Abuja- ECOWAS, African Union, United Nations Office on Drugs and Crime (UNODC), European Union and INTERPOL have called for concerted efforts in the fight against illicit drug abuse and trafficking.
The call was made at the opening of an experts’ meeting on; “Illicit Drug Trafficking, Organised Crime and Drug Abuse in West Africa’’ on Friday in Abuja.
The INTERPOL and ECOWAS had coordinated an operation across some member states which resulted in nearly eight tonnes of seizures and the arrest of 74 people in 2012.
The operation tagged; (Operation Atakora) which was within the framework of the ECOWAS Regional Action Plan on Drugs was carried out across Benin, Ghana and Togo.
A similar operation (Operation Adwenpa) carried out to strengthen border controls along the Abidjan-Lagos corridor also resulted in major seizures of 900kg of illicit drugs, stolen cars, currency, firearms and fake travel documents.
The 10-day operation which began on Jan. 26 to Feb. 4, was carried out across Benin, Côte d’Ivoire, Ghana, Nigeria and Togo.
The Representative of the INTERPOL Regional Office, Abidjan, Mr Koivogui Niouma, however, said that in spite of the successes achieved, member states needed to harmonise efforts in information sharing among relevant institutions.
Niouma said: “these criminals are always changing their pattern of activities and use the weaknesses of our forces to operate’’.
“They have developed more ingenious means of bypassing surveillance.
“Our best response is exchange of information and this is why we welcome the approach for us to work to get rid of nefarious activities in our sub-region.”
In his address, Mr Cheikh Toure, the UNODC Representative, urged member states to strengthen legal and penal systems, improve preventive services and enhance cooperation.
Toure said enhanced cooperation among member states would ensure the success of the new ECOWAS plan of action for the fight against drug trafficking and abuse and organised crime.
Also speaking, the ECOWAS Commissioner for Human Development and Gender, Dr Fatimata Sow said that the experts’ meeting would develop a draft for the new ECOWAS plan of action to tackle drug trafficking and abuse.
Sow said that significant progress was made in the first ECOWAS seven-year plan of action for the fight against drug trafficking and abuse and organised crime in West Africa which ended in 2015.
She said the first plan of action was adopted by the Heads of State in 2008 and added that the new action plan would cover the period of 2016 to 2018.
The commissioner also noted that some member states had developed good drug control initiatives and strengthened their criminal justice systems.
“Shortly after the adoption of this Plan, the ECOWAS Commission, in collaboration with the UNODC, developed an operational plan and a monitoring and evaluation mechanism to ensure its implementation.’’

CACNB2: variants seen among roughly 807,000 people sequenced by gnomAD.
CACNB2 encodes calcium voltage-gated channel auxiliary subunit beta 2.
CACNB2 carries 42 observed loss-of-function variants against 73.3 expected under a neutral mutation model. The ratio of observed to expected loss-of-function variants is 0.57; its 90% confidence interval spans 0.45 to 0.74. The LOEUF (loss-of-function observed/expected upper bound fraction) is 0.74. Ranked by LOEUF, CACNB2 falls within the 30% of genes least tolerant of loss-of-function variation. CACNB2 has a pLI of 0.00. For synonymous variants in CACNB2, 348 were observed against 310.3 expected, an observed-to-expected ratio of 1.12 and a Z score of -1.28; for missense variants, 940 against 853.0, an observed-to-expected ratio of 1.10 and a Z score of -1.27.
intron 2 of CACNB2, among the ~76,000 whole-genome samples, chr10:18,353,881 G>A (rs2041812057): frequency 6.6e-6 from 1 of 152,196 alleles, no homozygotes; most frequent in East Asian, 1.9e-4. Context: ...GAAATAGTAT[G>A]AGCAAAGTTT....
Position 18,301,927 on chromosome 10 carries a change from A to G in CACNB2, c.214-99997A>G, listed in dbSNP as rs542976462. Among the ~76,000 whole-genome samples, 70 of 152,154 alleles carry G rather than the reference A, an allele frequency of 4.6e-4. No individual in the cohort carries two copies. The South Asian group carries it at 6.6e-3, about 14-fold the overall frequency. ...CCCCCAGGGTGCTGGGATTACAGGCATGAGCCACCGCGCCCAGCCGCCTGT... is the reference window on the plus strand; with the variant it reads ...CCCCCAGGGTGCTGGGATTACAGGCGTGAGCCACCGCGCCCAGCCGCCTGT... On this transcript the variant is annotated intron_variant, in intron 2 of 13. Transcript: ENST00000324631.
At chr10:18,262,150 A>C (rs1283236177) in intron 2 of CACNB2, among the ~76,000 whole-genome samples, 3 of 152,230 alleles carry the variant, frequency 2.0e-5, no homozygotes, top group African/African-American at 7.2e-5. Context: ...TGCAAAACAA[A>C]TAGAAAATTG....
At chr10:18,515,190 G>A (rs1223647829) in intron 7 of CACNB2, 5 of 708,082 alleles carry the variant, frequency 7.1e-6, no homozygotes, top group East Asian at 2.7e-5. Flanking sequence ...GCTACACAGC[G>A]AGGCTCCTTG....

She, however, expressed concern that the plan had yet to be fully implemented by some member states due to challenges of funding, limited technical support provided by partners and lack of technical expertise to the commission.
The commissioner explained that the trend in drug abuse and trafficking and organised crime continued to grow and had become “increasingly sophisticated and dangerous”.
She said that the new draft plan would address the concerns raised in drug trafficking and abuse and organised crime in the sub-region.
“In addition, the new plan seeks to establish a link with Target 16 of the Sustainable Development Goals.
“The new Draft Plan focuses on the best policy measures to adopt in order to reduce drug trafficking organised crime and drug abuse in the region.
“The plan identifies five priority deliverables with measurable outcomes with performance indicators clearly defined,” she said.
Also speaking, the African Union Commissioner for Social Affairs, Mr Mustapha Kaloko, said the scourge had become a threat to peace, security, public health and social development.
Kaloko said that the African region needed holistic approach to tackle both drug supply reduction and drug demand reduction.
“A multi-sectoral and balanced approach between legislative norms setting, law enforcement and drug abuse prevention and treatment activities are paramount.
“Africa needs drug policies that protect children from drug use, that recognise that the drug problem is not only a criminal justice issue but a health problem.”
In his remarks, the EU Attaché, Regional Programmes, Peace and Security, Mr Philipé Peyredieu du Charlat expressed the commitment of the EU to ECOWAS.
Peyredieu du Charlat called on African countries to be more vigilant and have the political resolve to implement policies that would address the menace of drug abuse and trafficking in the region.
“The situation is worsening by the day; we call on member countries to put up a number of mechanisms to ensure the support of this action plan,” he said.